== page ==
Zach: Man, shout-out to you, Ruchika. This has been super dope. I’m so excited. I love your work, I love your writing. We’re gonna make sure we have all of your information in the show notes, including the books that you referenced, and then, like, let’s just make sure–you know, you’re a friend of the show. Like, you’re welcome back at any time. So if you have anything you want to plug or you want to promote, you come here. We got you, okay? I’m serious, we got you. Let’s see here. Before we let you go, any parting words you have for us, for the folks listening in, for the–so we call… so did you watch The Avengers?
Ruchika: You know, I did not.
Zach: Okay. All right, so–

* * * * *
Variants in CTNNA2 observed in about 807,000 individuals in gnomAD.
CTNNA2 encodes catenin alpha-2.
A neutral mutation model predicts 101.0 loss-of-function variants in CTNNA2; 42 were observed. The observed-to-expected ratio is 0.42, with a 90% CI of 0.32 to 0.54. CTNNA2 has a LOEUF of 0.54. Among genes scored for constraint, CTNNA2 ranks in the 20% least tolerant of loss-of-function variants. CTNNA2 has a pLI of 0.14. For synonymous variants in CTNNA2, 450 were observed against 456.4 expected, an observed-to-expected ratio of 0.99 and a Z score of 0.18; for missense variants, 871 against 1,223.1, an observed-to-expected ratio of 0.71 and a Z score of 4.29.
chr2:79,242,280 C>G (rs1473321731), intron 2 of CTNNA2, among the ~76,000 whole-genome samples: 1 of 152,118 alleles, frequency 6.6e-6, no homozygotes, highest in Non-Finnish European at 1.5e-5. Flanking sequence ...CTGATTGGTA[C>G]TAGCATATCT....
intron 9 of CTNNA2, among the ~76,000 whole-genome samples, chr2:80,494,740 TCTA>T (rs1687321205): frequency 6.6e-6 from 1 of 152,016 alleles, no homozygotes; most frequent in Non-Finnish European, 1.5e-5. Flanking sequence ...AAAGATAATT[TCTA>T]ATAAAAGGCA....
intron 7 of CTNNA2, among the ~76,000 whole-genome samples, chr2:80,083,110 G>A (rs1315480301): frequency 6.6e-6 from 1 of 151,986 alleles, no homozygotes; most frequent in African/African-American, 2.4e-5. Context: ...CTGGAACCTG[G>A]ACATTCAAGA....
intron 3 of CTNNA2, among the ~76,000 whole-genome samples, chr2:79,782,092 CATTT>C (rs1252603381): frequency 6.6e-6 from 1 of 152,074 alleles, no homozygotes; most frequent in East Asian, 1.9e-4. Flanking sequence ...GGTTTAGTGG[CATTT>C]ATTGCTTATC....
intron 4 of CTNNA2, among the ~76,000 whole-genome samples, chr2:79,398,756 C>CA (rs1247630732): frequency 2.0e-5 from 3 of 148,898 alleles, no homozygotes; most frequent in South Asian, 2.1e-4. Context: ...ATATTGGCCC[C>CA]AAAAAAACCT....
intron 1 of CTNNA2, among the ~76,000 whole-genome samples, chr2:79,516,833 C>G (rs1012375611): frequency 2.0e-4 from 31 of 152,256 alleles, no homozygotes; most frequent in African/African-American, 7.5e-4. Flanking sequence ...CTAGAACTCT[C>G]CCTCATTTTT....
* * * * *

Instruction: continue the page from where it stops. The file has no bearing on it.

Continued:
Ruchika: In my defense, I have a 3-year-old, and life is very full. [laughs]
Zach: No, super respect. I definitely get it. My wife and I are welcoming our first kid.
Ruchika: Oh, congratulations.
Zach: Thank you very much. I was gonna make a reference. So, like, on Living Corporate, we call aspiring allies Buckys, because in The Avengers movie, Ruchika, Captain America had a friend, and his name was Bucky Barnes. But, see, Bucky Barnes got hurt, and he had to get some medical help, but his medical problems were so complex they had to actually send him to Wakanda, which is this fictionalized African nation–
Ruchika: I know Wakanda. [laughs]
Zach: Yeah, yeah, yeah, so–[laughs] and so then he goes to Wakanda, and they end up calling Bucky “The White Wolf,” you see what I’m saying? Because he’s, like, a friend of the Wakandans. So, you know, it’s a long way of saying we have a lot of Buckys listening in, aspiring allies, and I’m just curious if you have any words for them, for the Wakandans listening in, and for everybody in-between.